Comment icon #23 Posted by Eldorado on 4 July, 2014, 6:18
An equivalent pejorative to the term Yank. cool. We can play this indefinitely. I'll hasten it. http://en.wikipedia.org/wiki/Alternative_names_for_the_British http://en.wikipedia.org/wiki/Offensive_terms_per_nationality#Americans It's a 'cool' world we live in.
Comment icon #24 Posted by jmccr8 on 6 July, 2014, 6:53
I've done a fair bit of the cowboy way over the years and what I can say it's not about the kind of boots your wearing it's about how you wear the boots your wearing. jmccr8
Comment icon #25 Posted by EllJay on 6 July, 2014, 7:05
Whats the meaning of Stonehenge? The question that keep this Norwegian up at night. http://youtu.be/mbyzgeee2mg
Comment icon #26 Posted by cyclopes500 on 8 July, 2014, 20:30
No. Cowboys didn't build Stonehenge. US work quality is like the UK's. Superb. It was the Indians that did the job and as per usual they forgot the cement.


Please Login or Register to post a comment.


  On the forums
Forum posts:
Forum topics:
Members:

5871963
252423
166386

 
Australia's own 'Jurassic Park' discovered
3-27-2017
Scientists have identified a site containing thousands of footprints from 21 different dinosaur species.
Creepy face caught peering out of empty car
3-27-2017
A car enthusiast got quite a surprise when he reviewed a recent photograph he'd taken of his vehicle.
1,200ft-wide UFO reported over Gulf of Mexico
3-26-2017
A crew member of an offshore supply ship claimed the object was 'five times the size' of his vessel.
Removing 'retired' cells could reverse ageing
3-26-2017
It may one day be possible for over-65s to visit a clinic every few years to receive a rejuvenation shot.
Featured book
 
By Guy Lyon Playfair
A look at the story of Peggy Hodgson and her four children who, between 1977 and 1979, were at the center of one of the most terrifying poltergeist cases ever documented.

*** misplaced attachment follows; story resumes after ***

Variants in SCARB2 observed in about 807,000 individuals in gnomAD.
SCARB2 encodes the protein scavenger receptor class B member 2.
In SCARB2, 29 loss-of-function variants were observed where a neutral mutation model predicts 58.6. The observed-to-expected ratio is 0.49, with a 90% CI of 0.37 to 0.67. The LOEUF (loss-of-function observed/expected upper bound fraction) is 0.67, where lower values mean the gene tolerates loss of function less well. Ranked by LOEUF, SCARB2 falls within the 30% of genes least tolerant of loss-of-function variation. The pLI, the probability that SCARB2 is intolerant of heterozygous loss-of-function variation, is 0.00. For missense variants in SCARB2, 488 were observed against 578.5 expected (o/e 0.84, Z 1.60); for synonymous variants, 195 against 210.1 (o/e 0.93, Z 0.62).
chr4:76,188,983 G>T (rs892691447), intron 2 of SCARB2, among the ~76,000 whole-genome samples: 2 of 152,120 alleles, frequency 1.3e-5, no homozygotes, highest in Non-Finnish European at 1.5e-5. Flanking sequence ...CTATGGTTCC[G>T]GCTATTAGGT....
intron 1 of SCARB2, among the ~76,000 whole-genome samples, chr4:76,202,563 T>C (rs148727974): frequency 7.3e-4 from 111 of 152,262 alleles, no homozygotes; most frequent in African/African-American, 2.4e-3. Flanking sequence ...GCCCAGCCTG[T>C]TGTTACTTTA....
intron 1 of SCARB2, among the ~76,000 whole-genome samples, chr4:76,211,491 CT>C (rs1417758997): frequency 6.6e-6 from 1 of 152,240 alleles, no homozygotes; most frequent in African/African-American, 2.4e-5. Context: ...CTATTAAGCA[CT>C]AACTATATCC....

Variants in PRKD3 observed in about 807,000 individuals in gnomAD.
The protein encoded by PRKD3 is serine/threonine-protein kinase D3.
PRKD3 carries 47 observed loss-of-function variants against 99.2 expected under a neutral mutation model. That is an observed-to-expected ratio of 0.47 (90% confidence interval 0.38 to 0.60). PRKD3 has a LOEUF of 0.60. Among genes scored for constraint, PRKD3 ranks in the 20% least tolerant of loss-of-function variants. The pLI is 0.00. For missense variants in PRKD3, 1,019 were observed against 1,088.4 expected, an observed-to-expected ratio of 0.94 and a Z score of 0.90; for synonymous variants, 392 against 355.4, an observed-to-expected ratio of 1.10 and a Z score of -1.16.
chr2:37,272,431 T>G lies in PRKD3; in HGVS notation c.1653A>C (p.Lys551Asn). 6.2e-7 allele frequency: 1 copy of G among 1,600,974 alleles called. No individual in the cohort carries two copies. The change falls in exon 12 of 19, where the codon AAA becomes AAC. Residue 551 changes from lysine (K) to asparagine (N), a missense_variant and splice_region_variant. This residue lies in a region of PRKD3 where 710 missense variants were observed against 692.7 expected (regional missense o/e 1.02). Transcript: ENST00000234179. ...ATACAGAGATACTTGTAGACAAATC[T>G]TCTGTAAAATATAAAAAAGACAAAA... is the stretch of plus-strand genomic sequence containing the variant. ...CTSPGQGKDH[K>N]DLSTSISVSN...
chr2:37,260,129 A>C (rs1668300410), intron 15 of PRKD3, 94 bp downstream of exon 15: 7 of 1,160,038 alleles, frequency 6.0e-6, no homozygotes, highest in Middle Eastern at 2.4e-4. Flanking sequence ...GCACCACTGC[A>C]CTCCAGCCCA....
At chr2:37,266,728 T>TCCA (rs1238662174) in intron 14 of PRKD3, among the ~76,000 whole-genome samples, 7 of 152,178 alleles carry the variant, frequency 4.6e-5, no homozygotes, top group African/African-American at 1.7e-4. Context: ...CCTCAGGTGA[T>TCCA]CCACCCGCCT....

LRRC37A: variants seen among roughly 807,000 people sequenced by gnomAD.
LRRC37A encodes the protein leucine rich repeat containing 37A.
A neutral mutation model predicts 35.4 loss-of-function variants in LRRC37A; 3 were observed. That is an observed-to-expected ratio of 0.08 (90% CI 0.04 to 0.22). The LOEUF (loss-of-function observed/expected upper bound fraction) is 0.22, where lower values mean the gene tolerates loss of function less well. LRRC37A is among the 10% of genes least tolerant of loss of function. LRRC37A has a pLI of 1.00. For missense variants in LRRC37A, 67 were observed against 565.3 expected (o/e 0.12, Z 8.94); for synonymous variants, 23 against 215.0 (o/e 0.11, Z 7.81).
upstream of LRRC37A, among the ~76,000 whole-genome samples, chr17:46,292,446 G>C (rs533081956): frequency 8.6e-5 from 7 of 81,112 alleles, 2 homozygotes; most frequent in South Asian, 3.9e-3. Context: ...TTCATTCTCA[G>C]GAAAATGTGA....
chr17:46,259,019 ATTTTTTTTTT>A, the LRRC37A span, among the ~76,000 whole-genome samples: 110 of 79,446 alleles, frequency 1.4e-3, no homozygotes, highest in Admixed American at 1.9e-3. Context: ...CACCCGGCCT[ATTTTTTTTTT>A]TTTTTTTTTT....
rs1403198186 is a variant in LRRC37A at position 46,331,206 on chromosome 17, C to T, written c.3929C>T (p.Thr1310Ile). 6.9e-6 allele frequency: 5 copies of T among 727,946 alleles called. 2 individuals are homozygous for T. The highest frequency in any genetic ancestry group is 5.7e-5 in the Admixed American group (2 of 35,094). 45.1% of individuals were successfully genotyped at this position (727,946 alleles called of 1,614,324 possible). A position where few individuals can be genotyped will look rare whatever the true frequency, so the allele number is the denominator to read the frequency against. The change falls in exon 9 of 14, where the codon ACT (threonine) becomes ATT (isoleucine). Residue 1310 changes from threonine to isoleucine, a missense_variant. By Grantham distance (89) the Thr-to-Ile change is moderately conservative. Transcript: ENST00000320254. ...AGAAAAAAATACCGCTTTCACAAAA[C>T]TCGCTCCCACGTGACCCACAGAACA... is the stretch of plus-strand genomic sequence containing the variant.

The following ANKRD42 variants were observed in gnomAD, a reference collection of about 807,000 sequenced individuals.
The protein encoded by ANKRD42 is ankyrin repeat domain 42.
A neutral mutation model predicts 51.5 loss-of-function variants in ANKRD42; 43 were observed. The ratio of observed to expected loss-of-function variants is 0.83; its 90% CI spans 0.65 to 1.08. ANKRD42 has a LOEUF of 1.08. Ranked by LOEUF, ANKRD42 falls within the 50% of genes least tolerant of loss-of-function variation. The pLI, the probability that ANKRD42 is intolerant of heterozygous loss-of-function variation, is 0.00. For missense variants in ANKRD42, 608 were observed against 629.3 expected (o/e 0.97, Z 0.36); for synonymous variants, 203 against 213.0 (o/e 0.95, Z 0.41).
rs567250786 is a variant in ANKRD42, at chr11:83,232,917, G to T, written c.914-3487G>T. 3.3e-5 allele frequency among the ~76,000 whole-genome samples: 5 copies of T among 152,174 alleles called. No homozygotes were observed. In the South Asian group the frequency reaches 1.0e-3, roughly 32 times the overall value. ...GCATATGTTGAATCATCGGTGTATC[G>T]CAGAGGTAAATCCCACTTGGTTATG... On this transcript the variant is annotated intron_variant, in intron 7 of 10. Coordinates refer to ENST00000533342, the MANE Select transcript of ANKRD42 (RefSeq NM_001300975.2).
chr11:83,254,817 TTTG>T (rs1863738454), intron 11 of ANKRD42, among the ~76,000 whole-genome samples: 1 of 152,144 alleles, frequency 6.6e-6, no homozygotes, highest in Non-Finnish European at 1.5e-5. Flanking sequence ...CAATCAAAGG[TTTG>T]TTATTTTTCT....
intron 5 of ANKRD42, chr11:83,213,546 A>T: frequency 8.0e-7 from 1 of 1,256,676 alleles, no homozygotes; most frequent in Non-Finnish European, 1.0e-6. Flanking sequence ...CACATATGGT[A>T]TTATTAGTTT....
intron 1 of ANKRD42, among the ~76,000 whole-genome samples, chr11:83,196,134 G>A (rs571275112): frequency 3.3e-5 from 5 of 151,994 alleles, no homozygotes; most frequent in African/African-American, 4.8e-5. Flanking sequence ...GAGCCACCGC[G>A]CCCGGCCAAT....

Featured Videos
Gallery icon 
6ft rockets in slow motion
Posted 3-27-2017 | 0 comments
The Slo Mo Guys use their high-speed camera to record some rocket launches.
 
Most watched animal on YouTube
Posted 3-26-2017 | 2 comments
Maru the cat has accumulated more views than any other animal on the video sharing site.
 
ALMA's 100-ton antennas
Posted 3-25-2017 | 0 comments
A special vehicle is used to carry ALMA's ultra-heavy antennas in to place in the desert.
 
How do we find lost satellites ?
Posted 3-24-2017 | 0 comments
A look at the methods scientists use to locate spacecraft with which contact has been lost.
 
Searching for Japanese bats
Posted 3-23-2017 | 0 comments
The Rimizu limestone caves in Japan are an ideal place to look for hibernating bats.
 
 View: More videos
Stories & Experiences
My nightly occurrences
2-28-2017 | Manchester, UK
 
Saved by a stranger
2-7-2017 | Green River Wyoming
 
Spooky sense
2-4-2017 | India
 
Ghost car
2-4-2017 | Chicago, IL, USA
 
Mysterious powder
2-4-2017 | USA, North Carolina
 
Puerto Rico UFO sighting
2-4-2017 | Sabana Grande, Puerto Rico
 
Phantom vehicle
1-6-2017 | Ramer, United States
 
True ghost stories
1-6-2017 | Southern California
 
Floating tiles
1-6-2017 | Chewelah, Washington
 
A haunting in Northern California
12-28-2016 | Northern California
 

         More stories | Send us your story
 
Top   |  Home   |   Forum   |   News   |   Image Gallery   |  Columns   |   Encyclopedia   |   Videos   |   Polls
UM-X 10.7 Unexplained-Mysteries.com © 2001-2017
Privacy Policy and Disclaimer   |   Cookies   |   Advertise   |   Contact   |   Help/FAQ